Playing Cards in Cairo : Mint Tea, Tarneeb and Tales of the City Paperback
by Hugh Miles
PLAYING CARDS IN CAIRO is a fly-on-the-wall account - like THE BOOKSELLER OF KABUL - of life (for western readers) in a strange and exotic environment.
Hugh Miles lives in Cairo and is engaged to an Egyptian woman.
Twice a week he plays cards with a small group of Arab, Muslim women and through this medium he explores their lives in modern Cairo, the greatest of Arab cities.
It is a secretive, romantic, often deprived but always soulful existence for the women as they struggle with abusive husbands and philandering boyfriends.
The book is a window onto a city - and a way of life - which is at a crucial juncture in its history.
Hugh Miles, who knows the Arab world intimately, is the perfect guide.
- Format: Paperback
- Pages: 288 pages
- Publisher: Little, Brown Book Group
- Publication Date: 03/02/2011
- Category: Social & cultural history
- ISBN: 9780349119809
Showing 1 - 1 of 1 reviews.
Review by lizw9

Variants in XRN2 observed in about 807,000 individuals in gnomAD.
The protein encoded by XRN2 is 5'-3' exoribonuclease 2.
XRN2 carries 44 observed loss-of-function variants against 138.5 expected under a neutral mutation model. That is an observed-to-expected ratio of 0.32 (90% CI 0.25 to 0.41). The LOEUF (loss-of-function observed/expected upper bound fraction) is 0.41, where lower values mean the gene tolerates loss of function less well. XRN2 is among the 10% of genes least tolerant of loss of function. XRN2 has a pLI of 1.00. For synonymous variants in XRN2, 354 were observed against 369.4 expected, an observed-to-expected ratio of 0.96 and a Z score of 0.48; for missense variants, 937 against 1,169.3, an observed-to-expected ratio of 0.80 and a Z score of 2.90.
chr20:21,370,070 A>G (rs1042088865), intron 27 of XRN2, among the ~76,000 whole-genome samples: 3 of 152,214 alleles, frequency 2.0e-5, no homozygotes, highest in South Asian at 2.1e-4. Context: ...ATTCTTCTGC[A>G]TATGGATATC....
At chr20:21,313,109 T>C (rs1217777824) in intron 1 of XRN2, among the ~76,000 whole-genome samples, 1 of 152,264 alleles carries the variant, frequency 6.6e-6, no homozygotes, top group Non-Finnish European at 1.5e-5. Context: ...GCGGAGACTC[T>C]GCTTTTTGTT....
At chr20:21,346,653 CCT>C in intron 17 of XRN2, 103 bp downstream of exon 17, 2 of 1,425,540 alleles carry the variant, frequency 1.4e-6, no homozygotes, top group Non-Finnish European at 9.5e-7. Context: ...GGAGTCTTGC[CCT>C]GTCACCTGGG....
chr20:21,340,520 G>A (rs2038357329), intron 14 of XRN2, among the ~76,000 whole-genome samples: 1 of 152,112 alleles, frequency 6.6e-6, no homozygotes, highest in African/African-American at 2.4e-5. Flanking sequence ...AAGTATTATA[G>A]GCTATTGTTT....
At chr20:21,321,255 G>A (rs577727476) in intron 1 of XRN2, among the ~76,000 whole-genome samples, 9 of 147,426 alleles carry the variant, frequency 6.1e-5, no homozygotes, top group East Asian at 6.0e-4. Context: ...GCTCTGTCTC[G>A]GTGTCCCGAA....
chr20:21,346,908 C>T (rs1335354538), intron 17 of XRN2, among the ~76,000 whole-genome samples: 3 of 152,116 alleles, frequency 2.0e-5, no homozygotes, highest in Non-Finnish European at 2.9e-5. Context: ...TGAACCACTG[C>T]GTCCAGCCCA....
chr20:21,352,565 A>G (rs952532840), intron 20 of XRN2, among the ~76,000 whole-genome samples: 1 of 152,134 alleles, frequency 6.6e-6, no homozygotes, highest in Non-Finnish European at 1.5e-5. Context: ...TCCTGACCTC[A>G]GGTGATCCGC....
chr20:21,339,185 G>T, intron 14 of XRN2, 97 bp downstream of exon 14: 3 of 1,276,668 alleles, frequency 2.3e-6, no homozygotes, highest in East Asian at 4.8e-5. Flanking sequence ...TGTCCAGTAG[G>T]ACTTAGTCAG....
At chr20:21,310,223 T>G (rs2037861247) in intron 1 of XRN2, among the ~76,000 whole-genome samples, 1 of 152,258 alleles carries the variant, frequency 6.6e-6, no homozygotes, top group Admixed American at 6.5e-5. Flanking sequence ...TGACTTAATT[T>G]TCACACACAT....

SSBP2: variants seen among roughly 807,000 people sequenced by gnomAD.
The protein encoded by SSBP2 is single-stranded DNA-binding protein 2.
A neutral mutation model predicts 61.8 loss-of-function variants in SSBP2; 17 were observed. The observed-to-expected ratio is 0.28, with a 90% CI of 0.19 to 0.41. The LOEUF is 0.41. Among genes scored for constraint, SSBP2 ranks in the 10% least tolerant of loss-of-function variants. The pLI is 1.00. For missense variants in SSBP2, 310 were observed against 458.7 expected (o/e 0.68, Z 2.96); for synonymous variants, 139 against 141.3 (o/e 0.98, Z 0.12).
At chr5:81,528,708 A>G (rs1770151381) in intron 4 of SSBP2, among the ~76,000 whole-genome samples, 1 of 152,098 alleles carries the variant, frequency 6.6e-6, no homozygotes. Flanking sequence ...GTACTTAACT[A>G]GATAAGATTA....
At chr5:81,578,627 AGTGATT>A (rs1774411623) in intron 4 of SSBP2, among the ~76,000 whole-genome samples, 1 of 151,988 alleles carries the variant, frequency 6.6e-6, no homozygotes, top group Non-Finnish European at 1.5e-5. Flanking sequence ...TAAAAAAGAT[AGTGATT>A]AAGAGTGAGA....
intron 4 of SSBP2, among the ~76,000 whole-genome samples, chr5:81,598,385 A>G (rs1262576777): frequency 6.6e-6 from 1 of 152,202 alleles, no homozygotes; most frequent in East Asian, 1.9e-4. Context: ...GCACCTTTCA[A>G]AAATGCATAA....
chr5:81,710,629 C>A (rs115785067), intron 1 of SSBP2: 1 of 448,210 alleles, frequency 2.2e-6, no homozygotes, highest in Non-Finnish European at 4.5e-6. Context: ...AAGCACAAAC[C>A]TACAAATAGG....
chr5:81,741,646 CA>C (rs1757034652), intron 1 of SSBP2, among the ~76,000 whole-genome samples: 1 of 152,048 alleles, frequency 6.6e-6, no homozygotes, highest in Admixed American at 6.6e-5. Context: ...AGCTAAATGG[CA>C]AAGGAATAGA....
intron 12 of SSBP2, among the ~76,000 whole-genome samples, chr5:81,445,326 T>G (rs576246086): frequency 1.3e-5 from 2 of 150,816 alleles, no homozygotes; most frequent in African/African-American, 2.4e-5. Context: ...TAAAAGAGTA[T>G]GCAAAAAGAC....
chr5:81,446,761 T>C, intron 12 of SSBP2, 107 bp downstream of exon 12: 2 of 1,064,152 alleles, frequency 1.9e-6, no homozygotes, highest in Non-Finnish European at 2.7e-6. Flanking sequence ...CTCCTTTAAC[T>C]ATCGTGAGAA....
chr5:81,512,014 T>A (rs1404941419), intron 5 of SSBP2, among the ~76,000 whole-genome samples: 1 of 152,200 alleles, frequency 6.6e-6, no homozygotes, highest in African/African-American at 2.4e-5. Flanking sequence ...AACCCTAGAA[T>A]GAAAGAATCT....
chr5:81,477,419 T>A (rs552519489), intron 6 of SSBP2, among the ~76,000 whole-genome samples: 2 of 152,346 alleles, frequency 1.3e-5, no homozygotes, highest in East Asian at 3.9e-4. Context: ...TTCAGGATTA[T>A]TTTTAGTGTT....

Playing cards in Cairo by British author Hugh Miles is the perfect companion to understanding the January 25th Egyptian revolution and the people who sparked it. The recent edition was released in Canada by Abacus on February 11th, the very same day Hosni Mubarak stepped down as president.Even though I lived in Cairo when I worked there as a librarian in 2003-2004, I was only able to skim the surface of this complex culture. Miles, on the other hand, offers us an up-close-and-personal portrait of the politics, beliefs, values and daily concerns and experiences of Egyptians from the women’s point of view.Working as a young freelance journalist in the Arab world’s largest and most vibrant city, Miles lives the good life as a British expat, mingling with an international community of aid workers, teachers, lawyers, and diplomats in Cairo’s many bars and restaurants along the banks of the great river Nile.Shortly before he is to return to London, Miles attends an American friend’s farewell party, where he meets Roda, a beautiful and intelligent Egyptian doctor. Miles is besotted. Back in rainy London he can’t stop thinking about her, so he concocts a reason to go back to Cairo.Unable to date the woman of his dreams in the way a westerner is accustomed, Miles hits a brick wall. It is Roda who finds a solution to their cross-cultural dating dilemma: Miles will be her partner in the Egyptian card game of Tarneeb. Thus begins for Miles an adventure into the exotic world of middle class Cairene women. As a speaker of Arabic, he is the proverbial fly on the wall, privy to the women’s most intimate conversations on topics as varied as religion, dating, hymen replacement surgery, hair removal, divorce, superstition, sexual harassment, drugs and alcoholism, desert raves, Arabic pop music, family honour, unemployment, Egyptian prisons, Western misconceptions about suicide bombers and terrorists, and more.Roda and her circle of friends form a colourful cast of characters: Nadia, a doctor, deals with abuse at the hands of her husband; Yosra, whose younger brother controls every aspect of her life, searches desperately for a decent man while battling depression and her addiction to prescription drugs; Reem is on the run from her Coptic Christian fiancé’s friends intent on killing her for being a Muslim; Amira conceals her secret urfi marriage from her family while working for a clothing store with an Islamic vision of retail. And then there is Dwayne (real name Muhammad), the hashish-smoking slacker and honorary member of the group who accepts a job in war-torn Baghdad so he can make enough money to convince his beloved’s father that he is worthy of her. Miles, who also authored Al Jazeera: How Arab TV news challenged the world, has a unique understanding of Egyptian and Arab politics and society. Early on in Playing cards in Cairo, he ponders what it would take to kick start a revolution in Egypt. As if divining the not-too-distant future, he muses (in the 2008 edition): “History has shown that when sudden change comes it often arrives in disguise and often small, apparently unconnected events can start a domino effect that no one can control.” The first Palestinian intifada was triggered by a car accident, he writes, while the Iranian revolution started with a cinema fire. “I imagined how if a revolution were to take place, most likely an unexpected cause and an unknown leader would spark it."Commenting on indoctrination and the Egyptian tendency to buy into conspiracy theories, Miles quotes Yosra. “Most people say [the London bombings of July 2005] never happened. It was just a trick by Tony Blair to make an excuse to declare war on Muslims.” Reflecting on this, Miles writes: “Conspiracy theories are the bread and butter of the Arab world and you hear them everywhere you go. I had heard stories so outlandish I wondered how anyone could take them seriously, even for a second. I had lost count of the times people told me that no Jews died in the twin towers on 11 September because they had been warned in advance not to turn up for work that morning.”Views like these are not surprising considering that Egyptian and Arab cultures are not big reading cultures. I learned this when I worked as a librarian negotiating sensitive censorship issues in both Egypt and Kuwait. As Miles notes, “In reality the few Egyptians who do read books usually choose ones they think are useful, which typically means either the Koran or a computer manual. The range of foreign books available in Arabic is pitiful and if the West ever wanted to make a sincere and significant different to the average Arab’s world view a good way to start would be by mass-translating dozens of liberal classics into Arabic and distributing them as freely and as widely as the Koran.”On the subject of the very public process of conversion to Islam, Miles writes humorously regarding his own apprehensions: “Suddenly a loud wailing sound filled the room. Thinking it must be a fire alarm I leapt out of my chair and prepared to evacuate the salon. Everyone in the room leapt up too, including the sheikh in his red fez. ‘Let’s go! he shouted.‘Let’s go!’ echoed the aspiring converts jumping to their feet.‘Prayer time!’ boomed the sheikh, clapping his hands.‘Prayers?’ I exclaimed, turning to Hanafi, a wave of panic sweeping over me. ‘I don’t know how to pray’, I whispered in terror. I can’t go into the mosque with all those people.’‘Just do as I do,’ said Hanafi. ‘It’s easy.’ And the pair’s bumbling continues from there. Roda and her middle class friends Miles writes about so sympathetically are the very same educated, frustrated and under-employed people who made the revolution in Tahrir Square happen. Still, given the events in Cairo this last International Women’s Day when a protest by two hundred Egyptian women demanding equal rights turned violent, with men verbally abusing and shoving the demonstrators, yelling, “now is not the time”, it is obvious that there is a lot of work yet to do before everyone in Egypt is equal.For anyone wanting to better understand the Egyptian uprising and to learn more about contemporary Egyptian society, Playing cards in Cairo provides an excellent backdrop. The author’s clear, lively prose interspersed with insightful sociopolitical analyses and anecdotes by turns tear-jerkingly sad, infuriating and loud-out-loud funny make for an enlightening and entertaining read.